Cashing out Annual Leave.

If you are a business owner, small, large, or in between, annual leave can be a major liability. If you do not manage it properly, it can become a problem. When wage rates go up every year, so does your annual leave liability. It makes good business sense to manage it. The recent Fair Work decision enabled employees covered by 122 Awards to cash out their annual leave – a great result for business owners.  Previously, only employees covered under an enterprise agreement were able to.   The decision has taken effect from 29 July 2016. The four main points of change are Cashing out annual leave; Taking leave in advance; Managing excessive leave, and; When to pay annual leave. #1. Cashing out annual leave Employees are now able to cash out annual leave as long as the balance after taking leave is 4 weeks.  The agreement must be in writing. You may not cash out more than 2 weeks in a 12-month cycle. #2. Taking leave in advance This clause enables employees to take leave before they are entitled to the leave and is only allowed if the employee and the employer have an agreement signed by both parties.  In addition, the agreement must state how much leave is to be taken and when it will commence. #3. Managing excessive leave This change comes into effect on 29 July 2017. It enables employers to direct their employee to take leave – provided they meet certain requirements prior to that direction. Fair Work describes excessive leave as more than 8 weeks’ worth, or 10 weeks for a shift worker....

Underpayments!

You would be aware of what’s going on in the news with regards to the underpayment of wages.  Some of the biggest brand names have faced the Fair Work Ombudsman’s scrutiny with regards to this topic and some of these include; Coles, Woolworths, McDonalds and 7-Eleven.   7 –Eleven has been in the news for months now about how it has underpaid its workers and it continues to be caught up in this underpayments scandal. Overall, the majority to business try and do the right thing, and navigating the maze of employment legislation can be complex. Some examples of why companies are heading to the Commission are: underpayments of international students, falsification of records, intimidation and threats Underpayment of working holiday visa holders excessive working hours and overcrowded, overpriced accommodation for employees holding working visa’s Sham contracting   To read further details on recent cases refer to the Fair Work Ombudsman site. It is also good to be aware of the fact the Fair Work Ombudsman is now not only focusing on businesses but individuals who may be responsible.  Presently, failure to comply with Modern Award clauses can be costly, penalties can be imposed on companies of up to $54,000 per contravention and $10,800 for individuals.  The impact to a business for a visit to Fair Work is not only financial it can have a significant negative impact on your brand image and reputation. The one way to avoid this type of attention by your employees and the media is to ensure you are paying the correct entitlements to your employees and remember the wage increase handed down from...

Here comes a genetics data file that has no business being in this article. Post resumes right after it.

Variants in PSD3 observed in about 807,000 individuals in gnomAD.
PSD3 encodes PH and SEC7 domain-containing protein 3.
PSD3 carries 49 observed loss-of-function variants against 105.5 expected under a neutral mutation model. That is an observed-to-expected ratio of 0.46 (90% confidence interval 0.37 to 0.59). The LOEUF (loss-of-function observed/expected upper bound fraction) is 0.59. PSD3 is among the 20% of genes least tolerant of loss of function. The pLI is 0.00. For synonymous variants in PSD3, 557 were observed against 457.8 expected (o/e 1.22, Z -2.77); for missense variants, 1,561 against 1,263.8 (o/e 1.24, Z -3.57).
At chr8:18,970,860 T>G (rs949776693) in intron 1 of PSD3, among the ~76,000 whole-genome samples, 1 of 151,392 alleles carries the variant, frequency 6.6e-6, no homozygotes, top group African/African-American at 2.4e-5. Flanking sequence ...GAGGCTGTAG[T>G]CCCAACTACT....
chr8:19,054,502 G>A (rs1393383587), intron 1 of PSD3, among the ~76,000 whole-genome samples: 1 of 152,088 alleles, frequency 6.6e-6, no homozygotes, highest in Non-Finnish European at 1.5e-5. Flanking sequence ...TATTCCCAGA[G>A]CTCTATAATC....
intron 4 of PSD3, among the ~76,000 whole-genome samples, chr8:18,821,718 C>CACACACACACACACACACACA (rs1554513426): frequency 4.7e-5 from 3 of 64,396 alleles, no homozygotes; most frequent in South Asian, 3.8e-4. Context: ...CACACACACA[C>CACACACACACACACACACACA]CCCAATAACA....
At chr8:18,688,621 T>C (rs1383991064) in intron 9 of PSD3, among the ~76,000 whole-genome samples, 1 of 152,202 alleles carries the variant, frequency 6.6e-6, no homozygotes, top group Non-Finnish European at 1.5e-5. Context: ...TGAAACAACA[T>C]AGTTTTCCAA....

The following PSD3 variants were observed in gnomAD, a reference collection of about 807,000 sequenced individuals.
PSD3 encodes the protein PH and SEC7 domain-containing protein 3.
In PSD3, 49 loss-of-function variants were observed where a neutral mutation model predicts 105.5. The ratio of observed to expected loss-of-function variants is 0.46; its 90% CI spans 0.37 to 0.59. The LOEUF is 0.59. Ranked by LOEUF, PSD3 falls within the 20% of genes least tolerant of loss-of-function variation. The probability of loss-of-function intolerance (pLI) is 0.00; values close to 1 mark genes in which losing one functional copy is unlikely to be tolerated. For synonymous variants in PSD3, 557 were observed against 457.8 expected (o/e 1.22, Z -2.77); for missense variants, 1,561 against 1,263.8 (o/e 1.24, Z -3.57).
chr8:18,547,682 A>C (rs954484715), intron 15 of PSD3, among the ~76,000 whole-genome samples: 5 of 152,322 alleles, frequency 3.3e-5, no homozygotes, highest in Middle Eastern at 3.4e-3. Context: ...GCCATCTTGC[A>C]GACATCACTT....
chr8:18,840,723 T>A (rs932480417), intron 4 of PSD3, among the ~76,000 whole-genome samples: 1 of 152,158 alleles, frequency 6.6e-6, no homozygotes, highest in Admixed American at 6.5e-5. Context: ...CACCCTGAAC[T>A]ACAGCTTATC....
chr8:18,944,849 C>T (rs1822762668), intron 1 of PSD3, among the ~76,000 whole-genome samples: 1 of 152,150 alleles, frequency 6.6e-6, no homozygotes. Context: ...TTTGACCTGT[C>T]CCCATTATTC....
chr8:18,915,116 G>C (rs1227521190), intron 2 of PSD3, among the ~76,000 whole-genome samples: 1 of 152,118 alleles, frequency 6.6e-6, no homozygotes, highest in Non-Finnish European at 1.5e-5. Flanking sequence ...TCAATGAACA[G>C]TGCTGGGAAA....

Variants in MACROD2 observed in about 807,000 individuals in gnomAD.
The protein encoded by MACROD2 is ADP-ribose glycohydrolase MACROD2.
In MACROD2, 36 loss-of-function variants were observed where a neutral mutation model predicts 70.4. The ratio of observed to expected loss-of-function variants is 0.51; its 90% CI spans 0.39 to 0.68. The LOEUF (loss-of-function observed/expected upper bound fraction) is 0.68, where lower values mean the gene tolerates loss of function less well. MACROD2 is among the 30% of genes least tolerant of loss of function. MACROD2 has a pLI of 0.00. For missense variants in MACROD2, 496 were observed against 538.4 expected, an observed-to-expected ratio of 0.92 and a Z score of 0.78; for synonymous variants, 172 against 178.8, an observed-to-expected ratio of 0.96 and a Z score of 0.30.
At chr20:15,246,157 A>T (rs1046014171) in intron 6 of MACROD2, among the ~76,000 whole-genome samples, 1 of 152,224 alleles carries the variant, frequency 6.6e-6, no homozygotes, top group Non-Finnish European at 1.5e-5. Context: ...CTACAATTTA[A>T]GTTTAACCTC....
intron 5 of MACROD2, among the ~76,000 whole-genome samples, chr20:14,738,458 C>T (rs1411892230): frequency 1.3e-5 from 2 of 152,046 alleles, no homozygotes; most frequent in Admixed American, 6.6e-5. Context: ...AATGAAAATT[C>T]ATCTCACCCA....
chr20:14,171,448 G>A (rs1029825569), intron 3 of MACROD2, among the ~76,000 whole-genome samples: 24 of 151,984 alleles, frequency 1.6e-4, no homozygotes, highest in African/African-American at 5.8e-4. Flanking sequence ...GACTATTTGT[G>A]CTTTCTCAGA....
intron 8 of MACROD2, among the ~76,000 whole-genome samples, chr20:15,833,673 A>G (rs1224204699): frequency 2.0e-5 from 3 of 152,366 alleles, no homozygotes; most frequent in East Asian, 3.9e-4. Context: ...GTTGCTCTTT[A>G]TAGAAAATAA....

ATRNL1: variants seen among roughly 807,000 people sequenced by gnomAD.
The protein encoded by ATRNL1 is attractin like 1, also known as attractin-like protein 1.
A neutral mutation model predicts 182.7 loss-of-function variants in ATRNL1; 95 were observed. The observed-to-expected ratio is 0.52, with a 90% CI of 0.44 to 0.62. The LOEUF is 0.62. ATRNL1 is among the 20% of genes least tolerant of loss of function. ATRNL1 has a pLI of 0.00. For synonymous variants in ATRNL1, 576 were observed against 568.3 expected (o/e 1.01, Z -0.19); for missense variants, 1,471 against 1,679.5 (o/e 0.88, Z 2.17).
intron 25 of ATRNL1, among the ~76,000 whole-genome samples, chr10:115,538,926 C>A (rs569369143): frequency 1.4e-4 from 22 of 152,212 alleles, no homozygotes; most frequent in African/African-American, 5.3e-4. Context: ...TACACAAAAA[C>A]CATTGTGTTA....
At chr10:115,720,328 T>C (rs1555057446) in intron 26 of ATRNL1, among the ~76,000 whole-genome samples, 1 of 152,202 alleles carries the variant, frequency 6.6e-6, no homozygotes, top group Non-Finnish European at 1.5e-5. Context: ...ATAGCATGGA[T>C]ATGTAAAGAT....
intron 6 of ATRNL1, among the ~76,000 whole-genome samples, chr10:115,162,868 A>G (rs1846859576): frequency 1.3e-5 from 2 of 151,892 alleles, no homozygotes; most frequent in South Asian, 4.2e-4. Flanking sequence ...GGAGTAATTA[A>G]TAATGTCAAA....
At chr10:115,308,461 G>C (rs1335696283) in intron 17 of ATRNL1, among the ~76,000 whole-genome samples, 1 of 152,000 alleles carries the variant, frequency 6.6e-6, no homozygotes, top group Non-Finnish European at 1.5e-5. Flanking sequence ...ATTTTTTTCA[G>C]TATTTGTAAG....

What the minimum wage increase means to your business.

The Fair Work Commission’s has announced its seventh annual wage review under the Fair Work Act 2009 (Cth).   Australia’s minimum wage workers are now entitled to be paid $672.70 (this is an increase of $15.80) a week, or $17.70 per hour. What you will need to consider as a SME is how this decision will impact on my business? Tip 1. – If you are paying the minimum wage under an Award, you will need to ensure that you increase wages by 2.4%. Tip 2 – Review the allowances under the award to ensure you are aware of any changes such as first aid or leading hand as these may be increased at the same time. The wage increase impacts on one in five workers whose  workplace who are currently covered under a Modern Award.. An Award sets out minimum rates of pay and working conditions, and as a business it is a good idea to be familiar with the Award you are covered under and the particular clauses which may impact on your employees. Another factor you should consider, if you are paying an Award based employee a salary or have an Enterprise Bargaining Agreement, now is a good time to reconcile this amount to ensure that employee is no worse off under conditions. The 2.4% increase to minimum wages will apply from the first fully pay period starting on or after 1 July 2016.  So if you have missed the increase in the first pay run of the new financial year, please be aware and ensure that you back pay your employee’s so you are compliant with...

Who can help you?

I ask the question, when you don’t know the answer to a taxation question, you call you accountant, when you have a question about your lease you call you lawyer. So how do you call when you have an issue with managing one of your employees? Most people are stumped over this question; the first answer is usually your lawyer. This response will get you the required outcome if they specialise in employment law, however there will also be significant billable hours coupled with your enquiry. So what can an outsourced human resources professional help you with? Firstly, the majority of the time we come into a company it is because someone has opened Pandora’s box.